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What to pack in an emergency kit health experts recommend creating a swine flu emergency kit
Illustration of what to pack in an emergency kit
Illustration by Isabelle Cardinal

A second wave of swine flu could hit this fall, and health experts recommend creating an emergency kit if the outbreak is severe. Of course, it's a good idea to keep a kit for any emergency.

What you need for all emergencies

Food

At least three days' worth of nonperishable, ready-to-eat foods, such as canned goods, dry cereal, and peanut butter.

Water

At least one gallon per person per day for three days. Bottled water is best because it can be stored indefinitely at room temperature, if it remains properly sealed and is kept dry and away from direct sunlight.

First-aid kit

You can buy a kit or build your own. Include a first-aid manual, antiseptic wipes and antibiotic ointment, bandages, burn ointment, calamine lotion, cold packs, eye-wash solution, gauze, gloves, hydrocortisone cream, scissors, tape, a thermometer, and tweezers. Also include any prescription and over-the-counter medications your family might need:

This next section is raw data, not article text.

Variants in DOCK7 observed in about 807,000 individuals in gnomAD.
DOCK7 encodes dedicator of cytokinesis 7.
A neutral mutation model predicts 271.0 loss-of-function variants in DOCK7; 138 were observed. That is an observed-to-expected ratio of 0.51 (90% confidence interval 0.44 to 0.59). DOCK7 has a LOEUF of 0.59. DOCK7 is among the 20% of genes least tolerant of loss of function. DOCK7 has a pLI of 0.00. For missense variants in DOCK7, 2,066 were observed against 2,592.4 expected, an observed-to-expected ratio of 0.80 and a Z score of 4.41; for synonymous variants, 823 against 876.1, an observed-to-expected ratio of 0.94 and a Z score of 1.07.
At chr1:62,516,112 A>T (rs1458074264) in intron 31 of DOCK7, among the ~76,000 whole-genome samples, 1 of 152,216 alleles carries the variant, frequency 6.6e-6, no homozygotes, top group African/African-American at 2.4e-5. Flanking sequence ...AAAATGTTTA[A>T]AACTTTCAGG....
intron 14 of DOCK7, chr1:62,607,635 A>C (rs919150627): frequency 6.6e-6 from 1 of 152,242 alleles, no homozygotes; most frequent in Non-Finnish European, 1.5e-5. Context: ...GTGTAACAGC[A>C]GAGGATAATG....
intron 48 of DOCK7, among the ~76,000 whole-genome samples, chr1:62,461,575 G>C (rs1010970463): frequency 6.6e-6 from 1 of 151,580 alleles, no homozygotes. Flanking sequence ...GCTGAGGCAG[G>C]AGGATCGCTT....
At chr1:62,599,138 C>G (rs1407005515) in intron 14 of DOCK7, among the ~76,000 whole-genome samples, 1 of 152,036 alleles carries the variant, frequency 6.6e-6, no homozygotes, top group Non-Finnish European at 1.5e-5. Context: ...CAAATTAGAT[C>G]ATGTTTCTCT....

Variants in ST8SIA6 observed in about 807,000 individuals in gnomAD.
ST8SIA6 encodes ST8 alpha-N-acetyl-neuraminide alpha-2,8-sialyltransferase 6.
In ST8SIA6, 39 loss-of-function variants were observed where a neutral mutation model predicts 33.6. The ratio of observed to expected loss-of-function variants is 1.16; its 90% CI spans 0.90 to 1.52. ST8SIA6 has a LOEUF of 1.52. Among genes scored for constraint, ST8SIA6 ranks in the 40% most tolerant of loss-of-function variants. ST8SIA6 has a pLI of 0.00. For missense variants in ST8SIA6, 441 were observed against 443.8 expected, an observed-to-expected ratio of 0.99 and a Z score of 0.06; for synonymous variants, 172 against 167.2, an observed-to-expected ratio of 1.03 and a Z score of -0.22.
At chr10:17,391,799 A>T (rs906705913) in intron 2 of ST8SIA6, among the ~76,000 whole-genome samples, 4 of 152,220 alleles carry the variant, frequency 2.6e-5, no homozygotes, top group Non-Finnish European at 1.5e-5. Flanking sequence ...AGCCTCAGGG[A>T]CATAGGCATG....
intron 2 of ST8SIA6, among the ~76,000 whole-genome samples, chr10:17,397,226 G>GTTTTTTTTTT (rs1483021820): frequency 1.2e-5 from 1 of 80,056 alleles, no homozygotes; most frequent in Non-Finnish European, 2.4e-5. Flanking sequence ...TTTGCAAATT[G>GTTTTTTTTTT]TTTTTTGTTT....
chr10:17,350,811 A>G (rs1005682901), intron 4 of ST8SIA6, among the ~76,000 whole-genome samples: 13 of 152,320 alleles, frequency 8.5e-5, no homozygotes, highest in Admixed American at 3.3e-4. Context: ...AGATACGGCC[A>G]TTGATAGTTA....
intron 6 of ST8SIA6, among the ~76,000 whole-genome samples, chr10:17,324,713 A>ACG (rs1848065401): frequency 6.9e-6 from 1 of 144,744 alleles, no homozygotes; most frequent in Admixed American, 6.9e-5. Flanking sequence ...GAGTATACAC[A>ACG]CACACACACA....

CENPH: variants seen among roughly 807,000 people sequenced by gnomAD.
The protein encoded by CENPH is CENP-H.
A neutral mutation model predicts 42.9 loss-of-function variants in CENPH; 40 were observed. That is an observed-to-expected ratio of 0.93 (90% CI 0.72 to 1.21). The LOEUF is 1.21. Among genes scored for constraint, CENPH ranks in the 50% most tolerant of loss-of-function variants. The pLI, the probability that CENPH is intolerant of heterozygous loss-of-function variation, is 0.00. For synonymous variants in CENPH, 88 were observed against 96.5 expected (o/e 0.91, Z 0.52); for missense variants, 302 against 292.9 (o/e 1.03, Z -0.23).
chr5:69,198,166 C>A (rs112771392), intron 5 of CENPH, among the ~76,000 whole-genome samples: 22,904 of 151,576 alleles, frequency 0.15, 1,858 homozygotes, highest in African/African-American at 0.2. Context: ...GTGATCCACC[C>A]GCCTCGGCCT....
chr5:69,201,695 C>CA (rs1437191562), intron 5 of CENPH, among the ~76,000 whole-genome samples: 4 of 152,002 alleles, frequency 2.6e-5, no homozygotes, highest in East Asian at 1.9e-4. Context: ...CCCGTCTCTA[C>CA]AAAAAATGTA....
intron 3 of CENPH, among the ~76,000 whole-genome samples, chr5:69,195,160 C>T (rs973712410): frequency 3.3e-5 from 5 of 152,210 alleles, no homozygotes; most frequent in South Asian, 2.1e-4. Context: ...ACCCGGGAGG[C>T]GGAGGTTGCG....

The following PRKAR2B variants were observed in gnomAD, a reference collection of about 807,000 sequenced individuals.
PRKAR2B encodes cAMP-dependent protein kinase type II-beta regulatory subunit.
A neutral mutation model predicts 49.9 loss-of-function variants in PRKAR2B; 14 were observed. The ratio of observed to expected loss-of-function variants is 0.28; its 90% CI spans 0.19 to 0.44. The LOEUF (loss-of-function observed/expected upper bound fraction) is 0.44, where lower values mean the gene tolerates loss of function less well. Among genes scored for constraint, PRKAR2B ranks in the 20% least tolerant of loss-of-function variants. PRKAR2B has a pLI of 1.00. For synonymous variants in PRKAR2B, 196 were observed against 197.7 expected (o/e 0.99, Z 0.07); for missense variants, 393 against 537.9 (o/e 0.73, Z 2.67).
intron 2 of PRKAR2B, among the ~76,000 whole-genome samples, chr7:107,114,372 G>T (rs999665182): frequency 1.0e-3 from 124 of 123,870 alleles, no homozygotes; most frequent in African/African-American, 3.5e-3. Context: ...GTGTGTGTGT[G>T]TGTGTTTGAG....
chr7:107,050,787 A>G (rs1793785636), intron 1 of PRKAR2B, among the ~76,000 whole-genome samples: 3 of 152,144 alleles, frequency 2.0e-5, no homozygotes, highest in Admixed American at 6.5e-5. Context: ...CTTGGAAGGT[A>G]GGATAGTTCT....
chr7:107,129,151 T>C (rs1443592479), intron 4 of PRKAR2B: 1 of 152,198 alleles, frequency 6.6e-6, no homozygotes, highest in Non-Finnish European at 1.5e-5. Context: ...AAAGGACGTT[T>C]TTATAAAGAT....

• Antihistamines for allergic reactions, including diphenhydramine (Benadryl Allergy and generic) or loratadine (Claritin and generic).
  • Pain relievers, including acetaminophen (Tylenol and generic), aspirin, ibuprofen (Advil, Motrin IB, and generic) or naproxen (Aleve and generic). Children should not take aspirin, except with a doctor's recommendation.
  • Stomach and antidiarrhea remedies, including loperamide (Imodium and generic).
  • Antacids, including Maalox, Mylanta, Rolaids, Tums, and generic.

Remember that drugs do expire; old drugs should not be used.

What you need for a flu outbreak

A two-week supply of food and water in case you're confined to your home. Also stock:

  • Fever reducers, such as acetaminophen, ibuprofen, or naproxen.
  • Cough and cold medications containing chlorpheniramine, diphenhydramine, oxymetazoline, and pseudoephedrine and lozenges with dyclonine, glycerin, or honey.
  • Electrolyte drinks, such as Gatorade or Powerade, to keep you hydrated.
  • Hand sanitizer with at least 60 percent alcohol, such as Purell, to kill viruses when soap and water aren't available.
  • Surgical masks with a rating from the FDA of at least N-95 to help prevent spreading the flu. Masks need to be replaced often and disposed of after use.

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